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New Technology Uses Eco-Friendly Food Waste to Make Tires

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Researchers at The Ohio State University have developed a patent-pending technology for incorporating food waste into rubber (Kenneth Chamberlain/The Ohio State University)
Researchers at The Ohio State University have developed a patent-pending technology for incorporating food waste into rubber (Kenneth Chamberlain/The Ohio State University)

 

According to Ohio State University researchers, food waste can be turned into tires.

More specifically, food waste can substitute for carbon black, the petroleum-based filler that is a key component in tire manufacturing. In tests led by Ohio State researcher Katrina Cornish, eggshells and tomato peels were found to be viable replacements for carbon black, which is an increasingly scarce resource.

Those eggshells and tomato peels would be harvested from landfills, where they’re dumped by commercial food factories, and would be a cost-effective and eco-friendly alternative to fillers bought from overseas.

Here, dried and ground tomato skins (top) and eggshells (bottom) are shown after coarse, medium, and fine processing before being added to rubber (Kenneth Chamberlain/The Ohio State University)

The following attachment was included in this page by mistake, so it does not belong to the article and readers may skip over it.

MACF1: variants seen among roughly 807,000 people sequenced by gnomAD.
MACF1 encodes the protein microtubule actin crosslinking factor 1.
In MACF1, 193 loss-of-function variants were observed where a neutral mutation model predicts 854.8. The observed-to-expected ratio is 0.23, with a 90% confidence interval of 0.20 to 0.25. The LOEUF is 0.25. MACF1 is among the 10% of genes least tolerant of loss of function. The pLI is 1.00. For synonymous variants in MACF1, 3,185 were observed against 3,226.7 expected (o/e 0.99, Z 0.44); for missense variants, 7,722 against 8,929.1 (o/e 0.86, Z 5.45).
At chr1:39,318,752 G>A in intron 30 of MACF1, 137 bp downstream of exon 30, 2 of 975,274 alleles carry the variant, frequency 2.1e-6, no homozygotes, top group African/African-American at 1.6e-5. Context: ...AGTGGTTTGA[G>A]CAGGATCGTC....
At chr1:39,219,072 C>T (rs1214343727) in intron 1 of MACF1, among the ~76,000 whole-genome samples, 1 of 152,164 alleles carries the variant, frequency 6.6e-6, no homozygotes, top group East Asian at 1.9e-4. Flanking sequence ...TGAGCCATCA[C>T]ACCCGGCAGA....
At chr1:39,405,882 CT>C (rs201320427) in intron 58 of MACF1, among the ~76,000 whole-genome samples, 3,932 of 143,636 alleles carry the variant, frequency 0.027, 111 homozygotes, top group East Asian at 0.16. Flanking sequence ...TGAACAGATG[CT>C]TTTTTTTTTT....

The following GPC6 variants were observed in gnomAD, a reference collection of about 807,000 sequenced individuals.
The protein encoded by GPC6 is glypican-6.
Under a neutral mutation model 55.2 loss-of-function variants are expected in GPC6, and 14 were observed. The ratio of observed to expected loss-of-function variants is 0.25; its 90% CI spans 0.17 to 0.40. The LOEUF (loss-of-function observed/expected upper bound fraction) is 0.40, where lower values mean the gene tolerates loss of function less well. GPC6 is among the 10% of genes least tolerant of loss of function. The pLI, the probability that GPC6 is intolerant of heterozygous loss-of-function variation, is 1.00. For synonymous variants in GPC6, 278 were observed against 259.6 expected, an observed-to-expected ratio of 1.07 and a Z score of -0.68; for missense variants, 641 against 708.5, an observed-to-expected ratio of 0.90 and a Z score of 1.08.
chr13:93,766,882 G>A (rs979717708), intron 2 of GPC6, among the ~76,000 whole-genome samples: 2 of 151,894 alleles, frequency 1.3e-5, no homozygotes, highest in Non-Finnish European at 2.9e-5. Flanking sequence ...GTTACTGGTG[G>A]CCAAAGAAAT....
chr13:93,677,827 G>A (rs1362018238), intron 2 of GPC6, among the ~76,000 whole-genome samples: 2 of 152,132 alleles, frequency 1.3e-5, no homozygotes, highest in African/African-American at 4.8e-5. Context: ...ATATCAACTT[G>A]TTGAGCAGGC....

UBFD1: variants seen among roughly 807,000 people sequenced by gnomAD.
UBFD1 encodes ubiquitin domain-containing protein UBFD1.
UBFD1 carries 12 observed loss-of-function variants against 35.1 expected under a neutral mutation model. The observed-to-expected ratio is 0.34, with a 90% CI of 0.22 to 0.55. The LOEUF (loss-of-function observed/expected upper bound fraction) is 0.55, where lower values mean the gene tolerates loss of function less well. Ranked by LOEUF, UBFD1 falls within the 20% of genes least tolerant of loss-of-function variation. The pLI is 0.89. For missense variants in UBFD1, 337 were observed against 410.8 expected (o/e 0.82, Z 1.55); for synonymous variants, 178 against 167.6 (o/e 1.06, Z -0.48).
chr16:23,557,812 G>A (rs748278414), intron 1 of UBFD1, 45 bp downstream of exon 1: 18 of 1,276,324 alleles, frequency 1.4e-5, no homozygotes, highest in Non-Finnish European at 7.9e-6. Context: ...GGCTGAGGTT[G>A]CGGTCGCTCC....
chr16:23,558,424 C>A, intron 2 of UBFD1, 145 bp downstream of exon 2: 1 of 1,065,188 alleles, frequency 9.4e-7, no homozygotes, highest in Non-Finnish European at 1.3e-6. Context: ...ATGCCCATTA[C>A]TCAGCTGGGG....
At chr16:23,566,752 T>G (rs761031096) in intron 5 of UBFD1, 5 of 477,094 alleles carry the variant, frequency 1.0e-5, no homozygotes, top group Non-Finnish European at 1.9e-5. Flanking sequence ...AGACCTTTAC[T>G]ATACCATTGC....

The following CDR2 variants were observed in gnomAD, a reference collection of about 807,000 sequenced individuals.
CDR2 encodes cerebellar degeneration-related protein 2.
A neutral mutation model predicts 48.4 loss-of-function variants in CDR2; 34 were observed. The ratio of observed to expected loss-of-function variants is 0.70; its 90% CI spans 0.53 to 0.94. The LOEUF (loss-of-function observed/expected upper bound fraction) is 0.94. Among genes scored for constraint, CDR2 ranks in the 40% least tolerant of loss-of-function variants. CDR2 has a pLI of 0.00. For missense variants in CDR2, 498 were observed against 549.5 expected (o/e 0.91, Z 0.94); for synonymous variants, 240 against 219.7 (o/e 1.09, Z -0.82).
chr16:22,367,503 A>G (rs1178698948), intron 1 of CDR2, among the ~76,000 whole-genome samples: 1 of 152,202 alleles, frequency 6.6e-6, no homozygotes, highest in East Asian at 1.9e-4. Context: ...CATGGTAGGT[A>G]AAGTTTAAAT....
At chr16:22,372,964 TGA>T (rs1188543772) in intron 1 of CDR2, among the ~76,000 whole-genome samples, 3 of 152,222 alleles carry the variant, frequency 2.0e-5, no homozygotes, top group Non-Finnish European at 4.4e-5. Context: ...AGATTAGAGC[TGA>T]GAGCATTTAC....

Here, dried and ground tomato skins (top) and eggshells (bottom) are shown after coarse, medium, and fine processing before being added to rubber. (Kenneth Chamberlain/The Ohio State University)

 

Aside from convenience, these articles of food waste have unique manufacturing upsides. Eggshells are packed with minerals, and their porous microstructures interact well with rubber. Tomato peels, which have been grown with thickness in mind for decades, are durable and highly stable at high temperatures.

The rubber produced with eggshell and tomato waste fillers not only exceeds industrial performance standards, it’s more flexible than carbon black rubber. Knowing that, other applications for rubber that weren’t possible or cost-effective before may be viable now.

RealClearLife